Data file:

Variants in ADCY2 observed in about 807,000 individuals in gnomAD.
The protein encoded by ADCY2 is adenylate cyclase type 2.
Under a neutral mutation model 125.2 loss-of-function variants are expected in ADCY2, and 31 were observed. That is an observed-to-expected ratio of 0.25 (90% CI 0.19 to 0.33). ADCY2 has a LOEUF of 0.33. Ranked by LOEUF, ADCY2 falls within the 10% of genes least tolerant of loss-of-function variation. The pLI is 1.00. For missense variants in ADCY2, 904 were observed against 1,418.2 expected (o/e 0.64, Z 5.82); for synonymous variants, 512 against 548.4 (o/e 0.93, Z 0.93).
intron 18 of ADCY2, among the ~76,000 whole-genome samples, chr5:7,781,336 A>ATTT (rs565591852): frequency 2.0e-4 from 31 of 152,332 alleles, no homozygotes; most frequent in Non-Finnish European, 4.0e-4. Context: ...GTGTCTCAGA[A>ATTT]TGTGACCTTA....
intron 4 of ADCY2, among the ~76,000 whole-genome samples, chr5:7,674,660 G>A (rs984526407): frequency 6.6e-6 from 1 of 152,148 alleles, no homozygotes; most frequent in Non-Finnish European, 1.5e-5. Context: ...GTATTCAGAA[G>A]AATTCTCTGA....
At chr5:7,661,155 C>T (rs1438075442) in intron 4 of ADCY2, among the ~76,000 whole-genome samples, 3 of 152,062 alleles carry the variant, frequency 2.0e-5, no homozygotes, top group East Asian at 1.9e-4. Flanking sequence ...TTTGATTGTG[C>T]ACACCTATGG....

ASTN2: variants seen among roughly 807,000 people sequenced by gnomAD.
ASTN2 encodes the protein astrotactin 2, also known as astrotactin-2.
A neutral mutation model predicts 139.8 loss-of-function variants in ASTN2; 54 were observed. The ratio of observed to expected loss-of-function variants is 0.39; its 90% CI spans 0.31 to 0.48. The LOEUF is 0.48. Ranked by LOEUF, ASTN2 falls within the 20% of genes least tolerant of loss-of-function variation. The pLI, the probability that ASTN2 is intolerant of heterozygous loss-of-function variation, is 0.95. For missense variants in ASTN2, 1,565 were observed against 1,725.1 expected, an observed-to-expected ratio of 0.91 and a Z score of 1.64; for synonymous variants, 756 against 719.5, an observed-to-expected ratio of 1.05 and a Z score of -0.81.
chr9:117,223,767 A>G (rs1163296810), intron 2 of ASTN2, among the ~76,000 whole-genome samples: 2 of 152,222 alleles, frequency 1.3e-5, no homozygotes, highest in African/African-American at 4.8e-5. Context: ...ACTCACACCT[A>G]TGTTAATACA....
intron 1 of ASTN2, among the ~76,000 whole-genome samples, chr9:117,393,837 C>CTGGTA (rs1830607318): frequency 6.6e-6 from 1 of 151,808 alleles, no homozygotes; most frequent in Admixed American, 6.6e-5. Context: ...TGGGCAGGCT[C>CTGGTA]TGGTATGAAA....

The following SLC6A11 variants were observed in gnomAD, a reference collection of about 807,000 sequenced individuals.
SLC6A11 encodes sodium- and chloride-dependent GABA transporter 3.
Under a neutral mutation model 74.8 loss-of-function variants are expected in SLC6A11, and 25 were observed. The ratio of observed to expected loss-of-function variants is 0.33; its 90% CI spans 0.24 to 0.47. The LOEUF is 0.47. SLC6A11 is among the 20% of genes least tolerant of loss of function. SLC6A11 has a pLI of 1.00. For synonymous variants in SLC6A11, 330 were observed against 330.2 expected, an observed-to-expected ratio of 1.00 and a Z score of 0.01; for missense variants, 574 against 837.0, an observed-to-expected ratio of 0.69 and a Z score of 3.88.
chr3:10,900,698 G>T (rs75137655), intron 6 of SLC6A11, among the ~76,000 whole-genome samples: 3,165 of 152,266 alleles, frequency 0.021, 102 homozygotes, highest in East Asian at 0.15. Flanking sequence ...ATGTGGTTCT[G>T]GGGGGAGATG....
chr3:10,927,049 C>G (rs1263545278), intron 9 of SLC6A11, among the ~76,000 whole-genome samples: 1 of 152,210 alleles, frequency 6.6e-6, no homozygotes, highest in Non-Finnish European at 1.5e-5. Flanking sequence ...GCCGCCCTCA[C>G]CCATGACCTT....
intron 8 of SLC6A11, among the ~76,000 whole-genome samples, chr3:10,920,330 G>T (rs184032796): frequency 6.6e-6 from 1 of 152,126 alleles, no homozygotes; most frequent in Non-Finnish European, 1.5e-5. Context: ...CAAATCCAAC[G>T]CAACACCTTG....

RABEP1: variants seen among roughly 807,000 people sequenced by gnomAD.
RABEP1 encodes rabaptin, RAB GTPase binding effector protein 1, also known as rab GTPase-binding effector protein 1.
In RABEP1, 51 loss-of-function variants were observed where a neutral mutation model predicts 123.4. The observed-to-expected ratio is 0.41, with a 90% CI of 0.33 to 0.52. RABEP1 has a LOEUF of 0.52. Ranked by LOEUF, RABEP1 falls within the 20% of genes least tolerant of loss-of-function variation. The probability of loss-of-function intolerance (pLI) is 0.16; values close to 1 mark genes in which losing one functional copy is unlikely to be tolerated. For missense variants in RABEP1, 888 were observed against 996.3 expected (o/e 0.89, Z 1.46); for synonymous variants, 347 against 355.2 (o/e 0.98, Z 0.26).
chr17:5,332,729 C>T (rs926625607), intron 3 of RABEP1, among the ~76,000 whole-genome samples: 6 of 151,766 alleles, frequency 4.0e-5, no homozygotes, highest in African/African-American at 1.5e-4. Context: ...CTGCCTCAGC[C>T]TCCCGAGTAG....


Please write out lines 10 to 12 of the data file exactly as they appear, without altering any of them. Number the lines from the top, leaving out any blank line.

chr9:117,223,767 A>G (rs1163296810), intron 2 of ASTN2, among the ~76,000 whole-genome samples: 2 of 152,222 alleles, frequency 1.3e-5, no homozygotes, highest in African/African-American at 4.8e-5. Context: ...ACTCACACCT[A>G]TGTTAATACA....
intron 1 of ASTN2, among the ~76,000 whole-genome samples, chr9:117,393,837 C>CTGGTA (rs1830607318): frequency 6.6e-6 from 1 of 151,808 alleles, no homozygotes; most frequent in Admixed American, 6.6e-5. Context: ...TGGGCAGGCT[C>CTGGTA]TGGTATGAAA....

The following SLC6A11 variants were observed in gnomAD, a reference collection of about 807,000 sequenced individuals.